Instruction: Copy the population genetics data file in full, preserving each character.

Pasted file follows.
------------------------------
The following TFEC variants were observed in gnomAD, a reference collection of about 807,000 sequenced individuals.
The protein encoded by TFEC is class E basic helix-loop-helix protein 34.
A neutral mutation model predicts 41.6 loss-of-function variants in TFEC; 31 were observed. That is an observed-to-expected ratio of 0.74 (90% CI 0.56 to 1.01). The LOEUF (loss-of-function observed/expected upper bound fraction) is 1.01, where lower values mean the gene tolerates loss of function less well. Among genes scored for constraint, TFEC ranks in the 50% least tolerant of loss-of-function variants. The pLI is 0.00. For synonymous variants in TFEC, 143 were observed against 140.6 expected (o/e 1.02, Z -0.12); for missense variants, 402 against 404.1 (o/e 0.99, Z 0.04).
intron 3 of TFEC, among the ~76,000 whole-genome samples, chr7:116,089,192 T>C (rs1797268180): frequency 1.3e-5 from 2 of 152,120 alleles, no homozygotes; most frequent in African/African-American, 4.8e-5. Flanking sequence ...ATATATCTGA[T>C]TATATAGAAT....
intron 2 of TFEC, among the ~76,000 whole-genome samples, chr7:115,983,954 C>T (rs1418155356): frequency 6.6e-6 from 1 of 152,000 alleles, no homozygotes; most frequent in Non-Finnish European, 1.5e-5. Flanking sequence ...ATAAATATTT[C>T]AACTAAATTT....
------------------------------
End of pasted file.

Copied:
The following TFEC variants were observed in gnomAD, a reference collection of about 807,000 sequenced individuals.
The protein encoded by TFEC is class E basic helix-loop-helix protein 34.
A neutral mutation model predicts 41.6 loss-of-function variants in TFEC; 31 were observed. That is an observed-to-expected ratio of 0.74 (90% CI 0.56 to 1.01). The LOEUF (loss-of-function observed/expected upper bound fraction) is 1.01, where lower values mean the gene tolerates loss of function less well. Among genes scored for constraint, TFEC ranks in the 50% least tolerant of loss-of-function variants. The pLI is 0.00. For synonymous variants in TFEC, 143 were observed against 140.6 expected (o/e 1.02, Z -0.12); for missense variants, 402 against 404.1 (o/e 0.99, Z 0.04).
intron 3 of TFEC, among the ~76,000 whole-genome samples, chr7:116,089,192 T>C (rs1797268180): frequency 1.3e-5 from 2 of 152,120 alleles, no homozygotes; most frequent in African/African-American, 4.8e-5. Flanking sequence ...ATATATCTGA[T>C]TATATAGAAT....
intron 2 of TFEC, among the ~76,000 whole-genome samples, chr7:115,983,954 C>T (rs1418155356): frequency 6.6e-6 from 1 of 152,000 alleles, no homozygotes; most frequent in Non-Finnish European, 1.5e-5. Flanking sequence ...ATAAATATTT[C>T]AACTAAATTT....